Eating disorders are most often issues for young women and the evidence out there supports that claim. The image of anorexia or bulimia is a teenager or young adult still in high school or just out of it. She’s obsessed with her looks and struggles against a constant bombardment of media and social pressures to be skinny, to be young, to be beautiful.
Grade 12 student Vanessa Peynenburg has a different story. She says that she didn’t think that she was susceptible to those external influences. She had a pretty good self-image. For some reason unknown to her, she still became anorexic.
“Personally, I didn’t have any friends or any relatives who had gone through it,” she said. “I guess I was kind of ignorant to the whole thing. I just thought that it wouldn’t happen to me, and it did. It really just changed my perception of the whole illness.”
It all started when she was 15. She said that there wasn’t one thing that occurred that triggered her anorexia. She admits that she didn’t even pay attention to fashion or glamour magazines, so often indicated as compelling factors in the development of eating disorders for many young women.
“There’s always so many factors with something like this,” she continued. “Obviously there’s the media these days that adds to the whole perception of what the ideal body is. Even if you’re not into [magazines], it’s something that you’re exposed to on a daily basis. It’s really hard to just ignore those messages.”
She wondered if the depression that she previously experienced in her life brought her mind’s guard down, so to speak, but neither she nor her therapist could be certain.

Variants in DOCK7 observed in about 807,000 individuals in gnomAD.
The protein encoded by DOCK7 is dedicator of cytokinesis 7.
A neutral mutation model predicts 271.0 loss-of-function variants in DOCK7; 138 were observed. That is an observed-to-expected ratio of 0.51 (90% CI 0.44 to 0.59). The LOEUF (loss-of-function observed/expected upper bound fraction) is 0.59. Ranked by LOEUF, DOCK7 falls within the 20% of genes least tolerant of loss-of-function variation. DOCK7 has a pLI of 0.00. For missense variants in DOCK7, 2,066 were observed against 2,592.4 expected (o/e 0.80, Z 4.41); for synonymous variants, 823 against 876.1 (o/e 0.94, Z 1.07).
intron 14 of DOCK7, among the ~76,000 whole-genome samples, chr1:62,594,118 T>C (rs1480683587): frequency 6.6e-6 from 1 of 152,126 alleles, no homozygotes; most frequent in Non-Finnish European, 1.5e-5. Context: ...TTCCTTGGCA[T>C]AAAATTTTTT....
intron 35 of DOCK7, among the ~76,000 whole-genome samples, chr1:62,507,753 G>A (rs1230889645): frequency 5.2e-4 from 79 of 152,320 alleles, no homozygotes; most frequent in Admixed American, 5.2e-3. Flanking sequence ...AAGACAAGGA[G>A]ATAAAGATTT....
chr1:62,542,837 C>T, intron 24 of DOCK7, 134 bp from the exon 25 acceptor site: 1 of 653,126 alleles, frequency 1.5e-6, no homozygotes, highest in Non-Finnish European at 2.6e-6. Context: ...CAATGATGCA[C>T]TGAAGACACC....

“For me, I think I was just vulnerable to the whole thing. There was just a combination of factors that led me to develop it.”
Peynenburg’s anorexia continued for six months before she sought and obtained treatment through the University of Alberta Hospital’s Eating Disorder program. She credits them for helping her to return to healthy thoughts once again and stay there.
You can get in touch with caregivers in the program at 780-407-6114. Inpatients are cared for around the clock and outpatients can access treatment 24 hours a day, seven days a week.
The real you
Last year, Peynenburg was chosen as Miss Teen St. Albert. While her term ends within the next month, she hopes to continue to encourage people to have a healthy body image. She has made presentations to a few school groups, emphasizing her central message “to be your own kind of beautiful.”
This is Eating Disorder Awareness Week, a chance for the people to take a good look at themselves and the people around them and make sure that everybody’s healthy inside and out. It’s promoted by the National Eating Disorder Information Centre. Its website at www.nedic.ca, provides information about eating disorders and how they affect men and women, young and old, small and large.
The NEDIC Real Me Experience is a new interactive website on self-esteem and body image. Visitors can create an account and access resources, including an online journal and reading materials including what things influence body images. This is located at www.realme.ca.